BRIEF SUMMARY

The following summary is provided to facilitate an understanding of some of the innovative features unique to the embodiments and is not intended to be a full description. A full appreciation of the various aspects of the embodiments disclosed can be gained by taking the entire specification, claims, drawings, and abstract as a whole.

It is, therefore, one aspect of the present invention to provide for improved data-processing systems and methods.

It is yet another aspect of the present invention to provide for an improved method and system for creating procedures.

It is a further aspect of the present invention to provide for a method and system for graphically developing procedures in a graphical procedure environment.

The aforementioned aspects of the invention and other objectives and advantages can now be achieved as described herein. A method, system and program product for graphically developing a procedure is disclosed. A plurality of procedure elements can be displayed in a first section of a graphical user interface (GUI). One or more procedure elements can be selected from among the plurality of procedure elements for manipulation in a second section of the graphical user interface in order to modularize the procedure elements, in response to a user selection of one or more procedure element via the graphical user interface or another format, such as, for example, a non-GUI textual format. A procedure can then be created by manipulating one or more procedure element via the second section of the graphical user interface, thereby promoting a consistency in the configuration, development and modification of the procedure.

BRIEF DESCRIPTION OF THE DRAWINGS

The accompanying figures, in which like reference numerals refer to identical or functionally-similar elements throughout the separate views and which are incorporated in and form a part of the specification, further illustrate the embodiments and, together with the detailed description, serve to explain the principles of the disclosed embodiments.

FIG. 1 illustrates a block diagram of a computer system, which can be adapted for use in implementing a preferred embodiment;

FIG. 2 illustrates a block diagram of a flow chart of operations illustrating logical operational steps for identifying procedures for automation and appropriate degrees of lifecycle management, in accordance with a preferred embodiment;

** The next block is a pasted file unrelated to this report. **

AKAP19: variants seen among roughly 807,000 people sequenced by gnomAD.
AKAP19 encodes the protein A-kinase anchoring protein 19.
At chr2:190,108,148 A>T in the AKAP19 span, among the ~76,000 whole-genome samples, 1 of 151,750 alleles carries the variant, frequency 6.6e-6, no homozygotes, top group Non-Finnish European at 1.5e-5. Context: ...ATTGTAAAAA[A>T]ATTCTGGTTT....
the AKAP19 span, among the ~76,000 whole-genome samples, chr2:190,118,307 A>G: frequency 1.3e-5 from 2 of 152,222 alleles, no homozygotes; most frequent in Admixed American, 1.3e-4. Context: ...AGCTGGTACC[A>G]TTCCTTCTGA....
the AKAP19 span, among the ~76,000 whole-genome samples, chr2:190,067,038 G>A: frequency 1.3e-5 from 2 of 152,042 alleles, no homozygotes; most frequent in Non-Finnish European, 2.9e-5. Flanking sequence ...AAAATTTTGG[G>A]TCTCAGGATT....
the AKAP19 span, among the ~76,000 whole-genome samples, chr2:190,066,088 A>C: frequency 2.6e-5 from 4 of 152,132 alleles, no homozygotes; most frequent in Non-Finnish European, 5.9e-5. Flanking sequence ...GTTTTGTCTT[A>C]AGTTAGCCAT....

FIG. 3 illustrates a system for procedure classification, which can be implemented in accordance with an embodiment;

FIG. 4 illustrates a graphical procedure development system, which can be implemented in accordance with an embodiment;

FIG. 5 illustrates an example reporting graph that can be generated and displayed utilizing the system depicted in FIG. 4, in accordance with an embodiment; and

FIG. 6 illustrates a high-level flow chart of operations depicting logical operational steps for implementing a method for graphically developing a procedure, in accordance with an embodiment.

DETAILED DESCRIPTION

The particular values and configurations discussed in these non-limiting examples can be varied and are cited merely to illustrate at least one embodiment and are not intended to limit the scope of the invention.

FIG. 1 illustrates a block diagram of a data-processing apparatus 100, which can be utilized to implement a preferred embodiment. Data-processing apparatus 100 can to implement a graphical procedure development environment as described in greater detail herein. Data-processing apparatus 100 can be configured to include a general purpose computing device, such as a computer 102. The computer 102 includes a processing unit 104, a memory 106, and a system bus 108 that operatively couples the various system components to the processing unit 104. One or more processing units 104 operate as either a single central processing unit (CPU) or a parallel processing environment.

The data-processing apparatus 100 further includes one or more data storage devices for storing and reading program and other data. Examples of such data storage devices include a hard disk drive 110 for reading from and writing to a hard disk (not shown), a magnetic disk drive 112 for reading from or writing to a removable magnetic disk (not shown), and an optical disc drive 114 for reading from or writing to a removable optical disc (not shown), such as a CD-ROM or other optical medium. A monitor 122 is connected to the system bus 108 through an adapter 124 or other interface. Additionally, the data-processing apparatus 100 can include other peripheral output devices (not shown), such as speakers and printers.

The hard disk drive 110, magnetic disk drive 112, and optical disc drive 114 are connected to the system bus 108 by a hard disk drive interface 116, a magnetic disk drive interface 118, and an optical disc drive interface 120, respectively. These drives and their associated computer-readable media provide nonvolatile storage of computer-readable instructions, data structures, program modules, and other data for use by the data-processing apparatus 100. Note that such computer-readable instructions, data structures, program modules, and other data can be implemented as a module or group of modules, such as, for example, module 107.